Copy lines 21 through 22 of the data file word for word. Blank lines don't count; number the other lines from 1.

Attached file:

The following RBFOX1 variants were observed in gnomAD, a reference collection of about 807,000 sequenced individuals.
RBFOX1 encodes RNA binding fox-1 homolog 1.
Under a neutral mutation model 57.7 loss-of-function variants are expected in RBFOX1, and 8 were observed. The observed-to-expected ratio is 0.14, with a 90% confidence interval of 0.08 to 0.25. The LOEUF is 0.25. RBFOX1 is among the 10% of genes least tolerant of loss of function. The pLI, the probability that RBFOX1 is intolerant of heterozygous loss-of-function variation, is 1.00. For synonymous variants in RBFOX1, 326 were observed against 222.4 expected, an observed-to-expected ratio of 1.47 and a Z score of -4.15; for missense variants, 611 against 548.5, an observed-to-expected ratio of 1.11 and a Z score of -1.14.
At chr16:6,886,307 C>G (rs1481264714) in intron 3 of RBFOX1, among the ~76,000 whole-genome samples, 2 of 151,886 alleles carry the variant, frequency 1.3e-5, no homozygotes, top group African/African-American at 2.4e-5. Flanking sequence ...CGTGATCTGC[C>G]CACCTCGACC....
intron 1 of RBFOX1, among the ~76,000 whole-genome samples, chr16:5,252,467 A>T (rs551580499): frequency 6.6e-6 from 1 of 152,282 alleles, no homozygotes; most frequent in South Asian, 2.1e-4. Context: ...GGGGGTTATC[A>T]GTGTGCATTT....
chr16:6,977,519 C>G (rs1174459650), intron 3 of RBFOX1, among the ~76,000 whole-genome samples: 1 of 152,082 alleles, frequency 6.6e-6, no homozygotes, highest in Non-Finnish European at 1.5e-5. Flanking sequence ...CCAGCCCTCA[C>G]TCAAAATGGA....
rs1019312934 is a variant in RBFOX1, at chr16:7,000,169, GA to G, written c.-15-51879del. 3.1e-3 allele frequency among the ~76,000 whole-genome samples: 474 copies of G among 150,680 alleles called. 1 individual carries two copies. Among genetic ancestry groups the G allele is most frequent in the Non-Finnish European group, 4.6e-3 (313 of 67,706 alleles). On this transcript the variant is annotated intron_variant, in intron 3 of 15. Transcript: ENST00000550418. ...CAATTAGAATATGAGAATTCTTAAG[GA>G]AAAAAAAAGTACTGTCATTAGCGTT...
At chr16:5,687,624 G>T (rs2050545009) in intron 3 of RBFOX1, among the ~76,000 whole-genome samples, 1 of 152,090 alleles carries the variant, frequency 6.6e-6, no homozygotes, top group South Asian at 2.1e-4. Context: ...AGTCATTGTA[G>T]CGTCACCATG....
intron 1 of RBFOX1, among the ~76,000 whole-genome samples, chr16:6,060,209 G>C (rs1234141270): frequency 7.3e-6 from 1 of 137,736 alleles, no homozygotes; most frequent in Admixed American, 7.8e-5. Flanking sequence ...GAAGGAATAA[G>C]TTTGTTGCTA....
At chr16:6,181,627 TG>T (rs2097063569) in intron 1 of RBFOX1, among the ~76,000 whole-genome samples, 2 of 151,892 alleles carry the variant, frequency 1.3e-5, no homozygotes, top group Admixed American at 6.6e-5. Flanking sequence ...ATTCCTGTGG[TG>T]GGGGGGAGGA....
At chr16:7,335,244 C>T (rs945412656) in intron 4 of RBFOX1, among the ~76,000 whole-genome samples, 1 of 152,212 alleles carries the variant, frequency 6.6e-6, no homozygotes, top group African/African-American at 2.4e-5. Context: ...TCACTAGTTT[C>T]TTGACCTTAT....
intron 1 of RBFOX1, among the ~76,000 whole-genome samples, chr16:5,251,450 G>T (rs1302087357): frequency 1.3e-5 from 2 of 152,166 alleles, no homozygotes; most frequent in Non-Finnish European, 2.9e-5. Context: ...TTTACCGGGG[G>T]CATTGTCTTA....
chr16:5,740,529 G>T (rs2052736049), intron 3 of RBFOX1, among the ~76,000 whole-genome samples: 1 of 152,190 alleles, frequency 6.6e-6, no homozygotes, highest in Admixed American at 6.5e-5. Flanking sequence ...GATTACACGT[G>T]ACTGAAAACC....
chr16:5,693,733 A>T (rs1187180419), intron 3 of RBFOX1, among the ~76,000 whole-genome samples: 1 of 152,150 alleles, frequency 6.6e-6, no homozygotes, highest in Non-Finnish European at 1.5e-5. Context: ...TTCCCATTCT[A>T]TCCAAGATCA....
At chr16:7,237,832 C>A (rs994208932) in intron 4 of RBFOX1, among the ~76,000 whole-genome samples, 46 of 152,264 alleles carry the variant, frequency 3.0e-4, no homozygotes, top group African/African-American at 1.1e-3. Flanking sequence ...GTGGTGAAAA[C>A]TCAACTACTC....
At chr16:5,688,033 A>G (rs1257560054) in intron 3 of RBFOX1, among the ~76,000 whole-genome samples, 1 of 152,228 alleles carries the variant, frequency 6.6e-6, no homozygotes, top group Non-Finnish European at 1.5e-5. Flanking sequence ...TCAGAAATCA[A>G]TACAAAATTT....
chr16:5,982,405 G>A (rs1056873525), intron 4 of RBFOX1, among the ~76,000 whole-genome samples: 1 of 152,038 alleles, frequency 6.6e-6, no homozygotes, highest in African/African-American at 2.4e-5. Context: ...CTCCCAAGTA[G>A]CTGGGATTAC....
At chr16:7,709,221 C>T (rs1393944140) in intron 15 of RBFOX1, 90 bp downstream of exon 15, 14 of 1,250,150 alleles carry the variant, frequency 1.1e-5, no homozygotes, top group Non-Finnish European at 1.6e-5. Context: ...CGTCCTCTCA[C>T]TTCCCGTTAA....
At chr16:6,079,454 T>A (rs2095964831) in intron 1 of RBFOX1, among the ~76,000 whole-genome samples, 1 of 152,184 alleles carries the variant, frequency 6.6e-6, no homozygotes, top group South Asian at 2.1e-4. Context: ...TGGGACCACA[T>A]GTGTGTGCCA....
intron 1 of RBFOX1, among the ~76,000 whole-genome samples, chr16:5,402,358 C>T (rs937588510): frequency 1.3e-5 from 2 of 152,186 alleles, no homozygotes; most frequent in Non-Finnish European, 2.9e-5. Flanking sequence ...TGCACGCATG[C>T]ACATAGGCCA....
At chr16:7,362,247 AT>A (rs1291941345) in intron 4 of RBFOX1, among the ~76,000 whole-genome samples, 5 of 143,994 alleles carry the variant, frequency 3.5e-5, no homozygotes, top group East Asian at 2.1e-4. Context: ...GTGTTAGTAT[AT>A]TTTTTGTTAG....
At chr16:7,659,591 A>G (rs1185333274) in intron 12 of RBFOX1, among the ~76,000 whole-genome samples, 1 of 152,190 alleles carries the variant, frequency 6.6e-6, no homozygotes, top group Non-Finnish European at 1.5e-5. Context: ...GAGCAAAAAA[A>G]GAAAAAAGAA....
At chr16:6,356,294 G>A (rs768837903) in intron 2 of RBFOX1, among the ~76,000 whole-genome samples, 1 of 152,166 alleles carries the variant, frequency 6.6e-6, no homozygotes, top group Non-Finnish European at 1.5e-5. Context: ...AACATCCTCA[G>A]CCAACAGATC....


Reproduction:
At chr16:7,362,247 AT>A (rs1291941345) in intron 4 of RBFOX1, among the ~76,000 whole-genome samples, 5 of 143,994 alleles carry the variant, frequency 3.5e-5, no homozygotes, top group East Asian at 2.1e-4. Context: ...GTGTTAGTAT[AT>A]TTTTTGTTAG....
At chr16:7,659,591 A>G (rs1185333274) in intron 12 of RBFOX1, among the ~76,000 whole-genome samples, 1 of 152,190 alleles carries the variant, frequency 6.6e-6, no homozygotes, top group Non-Finnish European at 1.5e-5. Context: ...GAGCAAAAAA[A>G]GAAAAAAGAA....